Opportunity to review with your agent.  Advance consideration, thought, and preparation of a Financial Power of Attorney provides an opportunity for you to discuss your needs and expectations with your agent before a disabling physical or mental illness or condition undermines that opportunity. You may discuss your specific intent and wishes in detail with your agent, so your agent is prepared to act when the time comes or discuss how your needs are likely to change as your family changes or as you get older.  Through a properly drafted Durable Power of Attorney, you can address all of those issues with your agent.

Avoid confusion.  With your intent and wishes specified and set forth in a properly executed Power of Attorney, you typically avoid confusion and uncertainty regarding how your affairs should be handled during your lifetime in the event you become incapacitated. A well-drafted Power of Attorney can remove the disputes between family members regarding how your financial needs should be handled. Should you become legally incapacitated, your family members should not spend time fighting over how your finances should be addressed.  Instead, there should be someone ready and willing to step in and make the necessary decisions.  If you plan ahead, with the assistance of a durable Power of Attorney, you can avoid most of those disputes.

Avoid time and expense of legal guardianship proceedings.  In the event you become incapacitated and are without a Power of Attorney, your family members (or some other interested party) may be required to file for the appointment of guardian to act for you. Guardianships are legal proceedings where an interested party files a petition with the court requesting the court to appoint a guardian (most often a family member but in frequent instances an attorney or another unrelated third party) to act for you due to your incapacity. Once appointed by the Court, the guardian handles your financial affairs under the supervision of the Court. Not only can guardianship proceedings be time-consuming and expensive, as well as be emotionally painstaking for your family, but your assets/finances (for most of us sensitive and private information) will be reviewed by the Court, or court-appointed third parties. You can generally avoid this situation by executing a Durable Financial Power of Attorney while you are healthy; in fact, your Power of Attorney may actually name who you would like to be your guardian if future circumstances so require. You make the decision about who is to act for you in the future, not the Court.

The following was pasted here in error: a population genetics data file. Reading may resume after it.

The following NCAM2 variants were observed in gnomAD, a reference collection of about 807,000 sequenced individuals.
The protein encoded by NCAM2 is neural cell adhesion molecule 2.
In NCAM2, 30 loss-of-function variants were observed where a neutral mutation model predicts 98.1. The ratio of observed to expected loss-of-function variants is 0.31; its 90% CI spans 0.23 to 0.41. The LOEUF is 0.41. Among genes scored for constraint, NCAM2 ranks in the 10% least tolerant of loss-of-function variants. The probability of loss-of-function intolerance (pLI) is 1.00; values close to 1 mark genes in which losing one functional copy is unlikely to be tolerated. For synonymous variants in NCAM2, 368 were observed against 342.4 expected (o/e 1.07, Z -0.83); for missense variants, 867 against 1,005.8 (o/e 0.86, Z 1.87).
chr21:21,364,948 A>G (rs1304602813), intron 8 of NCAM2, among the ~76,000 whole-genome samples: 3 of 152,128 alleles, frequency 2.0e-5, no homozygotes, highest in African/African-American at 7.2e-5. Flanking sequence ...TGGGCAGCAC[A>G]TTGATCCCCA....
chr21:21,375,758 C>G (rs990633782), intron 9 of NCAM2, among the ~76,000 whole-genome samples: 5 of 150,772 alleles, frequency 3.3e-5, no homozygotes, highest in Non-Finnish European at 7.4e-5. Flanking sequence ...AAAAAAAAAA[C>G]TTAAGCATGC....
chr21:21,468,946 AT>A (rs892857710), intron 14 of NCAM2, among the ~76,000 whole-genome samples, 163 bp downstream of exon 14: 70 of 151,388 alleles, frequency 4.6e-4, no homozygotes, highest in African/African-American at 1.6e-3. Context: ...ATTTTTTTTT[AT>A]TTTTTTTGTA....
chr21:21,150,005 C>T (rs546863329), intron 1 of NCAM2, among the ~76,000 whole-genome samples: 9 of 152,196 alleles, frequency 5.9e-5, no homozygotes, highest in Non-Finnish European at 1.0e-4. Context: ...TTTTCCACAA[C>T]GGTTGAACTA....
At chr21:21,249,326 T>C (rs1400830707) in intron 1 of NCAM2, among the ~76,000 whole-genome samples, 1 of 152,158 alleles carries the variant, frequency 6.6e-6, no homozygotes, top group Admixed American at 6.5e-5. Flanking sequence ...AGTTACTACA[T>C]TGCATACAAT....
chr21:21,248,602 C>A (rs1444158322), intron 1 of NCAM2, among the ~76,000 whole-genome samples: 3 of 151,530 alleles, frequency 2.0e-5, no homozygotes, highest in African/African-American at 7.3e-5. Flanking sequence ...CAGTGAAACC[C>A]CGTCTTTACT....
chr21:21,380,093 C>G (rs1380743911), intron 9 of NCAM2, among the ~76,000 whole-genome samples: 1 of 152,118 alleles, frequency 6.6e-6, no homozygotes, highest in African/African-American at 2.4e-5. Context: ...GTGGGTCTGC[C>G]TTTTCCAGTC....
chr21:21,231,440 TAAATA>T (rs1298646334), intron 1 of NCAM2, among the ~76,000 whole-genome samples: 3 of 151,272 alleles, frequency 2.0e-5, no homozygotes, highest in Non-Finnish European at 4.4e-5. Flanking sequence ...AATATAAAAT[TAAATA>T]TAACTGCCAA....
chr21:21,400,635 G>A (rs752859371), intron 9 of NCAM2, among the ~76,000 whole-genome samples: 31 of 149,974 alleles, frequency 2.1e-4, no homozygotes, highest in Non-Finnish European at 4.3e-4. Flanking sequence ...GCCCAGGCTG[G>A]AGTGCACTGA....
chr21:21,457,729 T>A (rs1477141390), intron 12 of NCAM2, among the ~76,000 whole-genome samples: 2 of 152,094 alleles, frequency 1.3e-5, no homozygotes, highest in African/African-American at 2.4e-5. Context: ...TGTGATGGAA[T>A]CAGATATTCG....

Provide flexibility for asset protection. This becomes particularly important when an individual enters a nursing home.  If someone fails to take proper steps to protect their assets before becoming a nursing home resident, those assets could be taken to pay for nursing home care. Through a properly drafted Power of Attorney, your agent may take certain steps to properly shelter your assets or a portion of your assets.  For example, your agent may deed real property or make gifts that help protect your assets.

The Durable Power of Attorney is an important component of one’s estate plan, along with a Will and Health Care Power of Attorney/Living Will. So, while healthy, take the time to protect the assets you worked so hard to acquire and accumulate by preparing a well-drafted and comprehensive Durable Financial Power of Attorney.

This article is intended as general legal information and not as legal advice. Should you have any questions regarding the subject matter of this article or wish to discuss your particular circumstance or situation, please contact the author.